But back to the main point: many people won't mind the roll-the-dice nature of iCloud Music Library — especially if you've ditched the traditional "music library" and gone all in on streaming services. But some of us definitely do. My iTunes library is comprised entirely of Apple Lossless tracks, carefully tagged with artist info and high-resolution artwork that looks great on my iPhone. If I turn on iCloud Music Library, I'm worried that all of that will instantly be blown up — and this stuff takes hours of monotonous work to fix. It's hugely disappointing because I love Apple's concept and it'd be great to have all of my music with me at 256 kbps quality while keeping the lossless files safe on my primary computer.

iCloud Music Library

As I alluded to earlier, this approach kills the potential of Apple Music for me. If you're unwilling to trust iCloud, you don't get the full feature set. Want to download any of those great, curated playlists for offline playback? Sorry, iCloud Music Library must be turned on first. If you want to enjoy this service's most convenient features, there's no way of telling Apple "put a wall between my iTunes library and Apple Music." In fairness, that makes total sense, since such granular options could get confusing in a hurry.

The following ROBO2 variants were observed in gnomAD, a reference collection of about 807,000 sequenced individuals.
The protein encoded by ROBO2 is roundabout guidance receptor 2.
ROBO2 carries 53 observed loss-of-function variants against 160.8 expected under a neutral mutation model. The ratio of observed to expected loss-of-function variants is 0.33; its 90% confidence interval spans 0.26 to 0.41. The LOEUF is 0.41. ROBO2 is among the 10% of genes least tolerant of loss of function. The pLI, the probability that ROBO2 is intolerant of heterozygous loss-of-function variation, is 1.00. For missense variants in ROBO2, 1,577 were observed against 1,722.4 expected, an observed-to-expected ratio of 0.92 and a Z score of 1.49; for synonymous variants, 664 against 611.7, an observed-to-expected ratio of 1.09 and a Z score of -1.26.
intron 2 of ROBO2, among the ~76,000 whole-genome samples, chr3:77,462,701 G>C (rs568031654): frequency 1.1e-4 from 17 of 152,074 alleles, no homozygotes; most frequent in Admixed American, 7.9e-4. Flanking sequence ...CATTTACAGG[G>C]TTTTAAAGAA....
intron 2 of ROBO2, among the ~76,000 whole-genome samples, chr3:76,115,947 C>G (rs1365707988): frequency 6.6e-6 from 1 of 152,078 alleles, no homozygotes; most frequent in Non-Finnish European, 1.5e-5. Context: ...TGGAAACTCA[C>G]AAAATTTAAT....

I'm not flipping the switch until there are clear signs of improvement

So the real answer is this: Apple, please make iTunes Match and iCloud Music Library better. No one is saying figuring this stuff out is easy, but it needs to be more reliable. Make it easier to fix the occasional screw-ups — or give users the ability to manually upload songs like Google does. (It's possible to upload 50,000 of your own songs to Google Music for free.) If and when that happens, I'll happily make Apple Music my go-to music app. Everything else Apple has here is pretty great. But for now I'll keep my Spotify subscription going. It's just way easier to save music offline without worrying about iCloud mucking up the library I've sunk years into. This forced link between Apple Music and iCloud Music Library just seems unnecessary.

But there may be an explanation, and if true, it's an ugly one: DRM. A troubling report today from Kirk McElhearn claims that Apple is applying DRM to every track contained in iCloud Music Library — even your own songs. So if you upload regular old MP3s to iCloud, delete them from your PC or Mac and then redownload, they'll be DRMed files. This differs from the DRM-free nature of iTunes Match and is a confounding decision from a company whose co-founder went to war with the music industry over the very principle of DRM. We've reached out to confirmation on this.

So for the next three months, I'll strictly be streaming music with Apple Music. At least that part's pretty great.